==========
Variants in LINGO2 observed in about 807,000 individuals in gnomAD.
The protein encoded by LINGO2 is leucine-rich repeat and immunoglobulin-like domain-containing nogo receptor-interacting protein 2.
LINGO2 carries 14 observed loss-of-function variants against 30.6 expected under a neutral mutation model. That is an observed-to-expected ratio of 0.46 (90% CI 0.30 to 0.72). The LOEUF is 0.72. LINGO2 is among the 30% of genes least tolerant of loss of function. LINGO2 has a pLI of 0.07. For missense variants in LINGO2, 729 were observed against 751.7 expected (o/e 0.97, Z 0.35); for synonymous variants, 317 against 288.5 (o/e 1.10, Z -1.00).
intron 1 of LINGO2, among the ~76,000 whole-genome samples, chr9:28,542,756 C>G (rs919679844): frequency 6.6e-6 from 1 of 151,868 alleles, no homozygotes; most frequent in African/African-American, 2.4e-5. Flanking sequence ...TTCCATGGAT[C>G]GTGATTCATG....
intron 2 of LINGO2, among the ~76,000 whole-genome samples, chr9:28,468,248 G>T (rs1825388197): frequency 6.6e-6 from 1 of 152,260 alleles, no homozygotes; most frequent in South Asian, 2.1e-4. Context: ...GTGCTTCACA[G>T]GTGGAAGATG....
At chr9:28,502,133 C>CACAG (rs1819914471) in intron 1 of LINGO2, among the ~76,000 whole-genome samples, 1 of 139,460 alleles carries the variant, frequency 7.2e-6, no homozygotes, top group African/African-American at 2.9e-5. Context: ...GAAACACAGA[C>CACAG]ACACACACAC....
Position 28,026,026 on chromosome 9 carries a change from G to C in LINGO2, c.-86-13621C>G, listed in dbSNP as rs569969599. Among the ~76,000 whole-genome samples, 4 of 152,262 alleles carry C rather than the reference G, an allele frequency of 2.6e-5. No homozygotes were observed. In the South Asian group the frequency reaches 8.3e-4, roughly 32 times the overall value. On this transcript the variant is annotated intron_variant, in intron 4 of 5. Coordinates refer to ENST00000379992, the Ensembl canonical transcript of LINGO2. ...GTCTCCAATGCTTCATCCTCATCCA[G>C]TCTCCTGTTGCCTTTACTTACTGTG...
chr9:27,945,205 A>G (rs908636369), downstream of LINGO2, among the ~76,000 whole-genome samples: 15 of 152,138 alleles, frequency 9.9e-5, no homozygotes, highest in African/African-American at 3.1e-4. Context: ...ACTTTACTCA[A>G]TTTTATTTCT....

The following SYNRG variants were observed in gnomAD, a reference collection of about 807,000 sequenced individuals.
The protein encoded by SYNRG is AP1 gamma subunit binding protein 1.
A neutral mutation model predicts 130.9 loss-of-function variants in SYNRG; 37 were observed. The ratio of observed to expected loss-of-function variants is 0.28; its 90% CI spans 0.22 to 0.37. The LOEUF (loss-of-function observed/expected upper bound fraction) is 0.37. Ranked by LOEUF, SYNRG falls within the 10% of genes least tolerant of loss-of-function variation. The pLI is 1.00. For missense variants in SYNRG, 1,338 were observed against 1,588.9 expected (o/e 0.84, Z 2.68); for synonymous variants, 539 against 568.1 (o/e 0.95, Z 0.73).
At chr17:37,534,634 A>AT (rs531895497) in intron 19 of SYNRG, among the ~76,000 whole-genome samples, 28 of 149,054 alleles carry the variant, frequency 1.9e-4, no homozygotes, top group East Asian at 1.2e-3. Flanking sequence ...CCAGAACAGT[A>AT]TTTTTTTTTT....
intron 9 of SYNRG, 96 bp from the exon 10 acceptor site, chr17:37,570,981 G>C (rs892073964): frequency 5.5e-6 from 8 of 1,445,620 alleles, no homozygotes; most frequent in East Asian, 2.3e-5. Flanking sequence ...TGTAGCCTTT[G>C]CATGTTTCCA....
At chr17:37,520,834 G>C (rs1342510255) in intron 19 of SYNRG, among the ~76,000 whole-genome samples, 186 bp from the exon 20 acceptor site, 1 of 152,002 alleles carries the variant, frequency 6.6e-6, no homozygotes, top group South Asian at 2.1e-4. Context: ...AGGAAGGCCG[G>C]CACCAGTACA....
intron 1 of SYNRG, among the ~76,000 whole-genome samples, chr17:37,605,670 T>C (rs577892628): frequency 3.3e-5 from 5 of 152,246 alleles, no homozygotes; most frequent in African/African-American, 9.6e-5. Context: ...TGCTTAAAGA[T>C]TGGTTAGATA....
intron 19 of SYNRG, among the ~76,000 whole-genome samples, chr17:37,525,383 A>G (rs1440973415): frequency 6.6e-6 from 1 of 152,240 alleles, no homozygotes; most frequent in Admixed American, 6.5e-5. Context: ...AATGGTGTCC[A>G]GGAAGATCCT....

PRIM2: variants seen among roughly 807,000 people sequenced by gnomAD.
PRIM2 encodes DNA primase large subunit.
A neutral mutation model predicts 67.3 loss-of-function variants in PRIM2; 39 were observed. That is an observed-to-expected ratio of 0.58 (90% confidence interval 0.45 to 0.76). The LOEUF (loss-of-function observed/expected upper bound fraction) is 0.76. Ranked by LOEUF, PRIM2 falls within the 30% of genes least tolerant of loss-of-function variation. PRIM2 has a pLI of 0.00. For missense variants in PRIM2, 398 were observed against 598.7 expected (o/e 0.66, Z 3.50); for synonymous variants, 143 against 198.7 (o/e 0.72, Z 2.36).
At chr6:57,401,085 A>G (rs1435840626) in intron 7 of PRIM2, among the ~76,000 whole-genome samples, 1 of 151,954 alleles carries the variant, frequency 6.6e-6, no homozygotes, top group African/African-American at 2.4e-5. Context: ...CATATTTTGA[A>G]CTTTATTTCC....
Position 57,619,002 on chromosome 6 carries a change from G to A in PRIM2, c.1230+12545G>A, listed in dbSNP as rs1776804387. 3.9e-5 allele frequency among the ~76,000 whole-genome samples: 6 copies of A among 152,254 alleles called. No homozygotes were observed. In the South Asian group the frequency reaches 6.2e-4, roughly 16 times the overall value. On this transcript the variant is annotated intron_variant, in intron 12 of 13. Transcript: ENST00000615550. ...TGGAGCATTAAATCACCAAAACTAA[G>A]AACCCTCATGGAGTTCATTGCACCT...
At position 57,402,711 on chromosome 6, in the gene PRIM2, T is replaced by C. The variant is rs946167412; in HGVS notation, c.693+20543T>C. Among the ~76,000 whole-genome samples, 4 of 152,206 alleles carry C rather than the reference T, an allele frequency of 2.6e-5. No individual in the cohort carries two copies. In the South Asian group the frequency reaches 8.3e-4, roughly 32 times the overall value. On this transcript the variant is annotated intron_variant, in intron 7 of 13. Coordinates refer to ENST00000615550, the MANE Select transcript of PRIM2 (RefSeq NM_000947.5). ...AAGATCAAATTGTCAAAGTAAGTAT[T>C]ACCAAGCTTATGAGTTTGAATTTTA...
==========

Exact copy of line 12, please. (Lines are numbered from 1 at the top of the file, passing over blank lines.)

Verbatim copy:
At chr17:37,534,634 A>AT (rs531895497) in intron 19 of SYNRG, among the ~76,000 whole-genome samples, 28 of 149,054 alleles carry the variant, frequency 1.9e-4, no homozygotes, top group East Asian at 1.2e-3. Flanking sequence ...CCAGAACAGT[A>AT]TTTTTTTTTT....